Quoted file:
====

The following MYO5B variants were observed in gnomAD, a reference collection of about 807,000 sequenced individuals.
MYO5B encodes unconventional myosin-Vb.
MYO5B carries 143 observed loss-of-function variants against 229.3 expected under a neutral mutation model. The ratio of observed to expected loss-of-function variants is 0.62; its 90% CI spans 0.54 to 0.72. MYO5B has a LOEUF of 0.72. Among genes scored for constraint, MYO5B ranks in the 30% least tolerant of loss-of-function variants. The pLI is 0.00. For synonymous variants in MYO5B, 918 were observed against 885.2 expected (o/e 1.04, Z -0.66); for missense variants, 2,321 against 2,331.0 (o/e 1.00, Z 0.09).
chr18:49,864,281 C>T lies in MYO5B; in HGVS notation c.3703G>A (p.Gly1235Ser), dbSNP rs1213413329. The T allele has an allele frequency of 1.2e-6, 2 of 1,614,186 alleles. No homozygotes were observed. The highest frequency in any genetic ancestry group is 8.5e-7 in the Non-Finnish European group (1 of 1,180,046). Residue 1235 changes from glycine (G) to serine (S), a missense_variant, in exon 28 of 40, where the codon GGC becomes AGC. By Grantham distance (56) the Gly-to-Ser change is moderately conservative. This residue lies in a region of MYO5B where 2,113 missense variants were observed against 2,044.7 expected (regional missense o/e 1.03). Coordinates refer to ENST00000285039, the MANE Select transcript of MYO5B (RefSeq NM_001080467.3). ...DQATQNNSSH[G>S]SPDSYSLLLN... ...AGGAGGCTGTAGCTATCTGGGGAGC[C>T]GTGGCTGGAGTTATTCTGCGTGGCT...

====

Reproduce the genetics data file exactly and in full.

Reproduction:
The following MYO5B variants were observed in gnomAD, a reference collection of about 807,000 sequenced individuals.
MYO5B encodes unconventional myosin-Vb.
MYO5B carries 143 observed loss-of-function variants against 229.3 expected under a neutral mutation model. The ratio of observed to expected loss-of-function variants is 0.62; its 90% CI spans 0.54 to 0.72. MYO5B has a LOEUF of 0.72. Among genes scored for constraint, MYO5B ranks in the 30% least tolerant of loss-of-function variants. The pLI is 0.00. For synonymous variants in MYO5B, 918 were observed against 885.2 expected (o/e 1.04, Z -0.66); for missense variants, 2,321 against 2,331.0 (o/e 1.00, Z 0.09).
chr18:49,864,281 C>T lies in MYO5B; in HGVS notation c.3703G>A (p.Gly1235Ser), dbSNP rs1213413329. The T allele has an allele frequency of 1.2e-6, 2 of 1,614,186 alleles. No homozygotes were observed. The highest frequency in any genetic ancestry group is 8.5e-7 in the Non-Finnish European group (1 of 1,180,046). Residue 1235 changes from glycine (G) to serine (S), a missense_variant, in exon 28 of 40, where the codon GGC becomes AGC. By Grantham distance (56) the Gly-to-Ser change is moderately conservative. This residue lies in a region of MYO5B where 2,113 missense variants were observed against 2,044.7 expected (regional missense o/e 1.03). Coordinates refer to ENST00000285039, the MANE Select transcript of MYO5B (RefSeq NM_001080467.3). ...DQATQNNSSH[G>S]SPDSYSLLLN... ...AGGAGGCTGTAGCTATCTGGGGAGC[C>T]GTGGCTGGAGTTATTCTGCGTGGCT...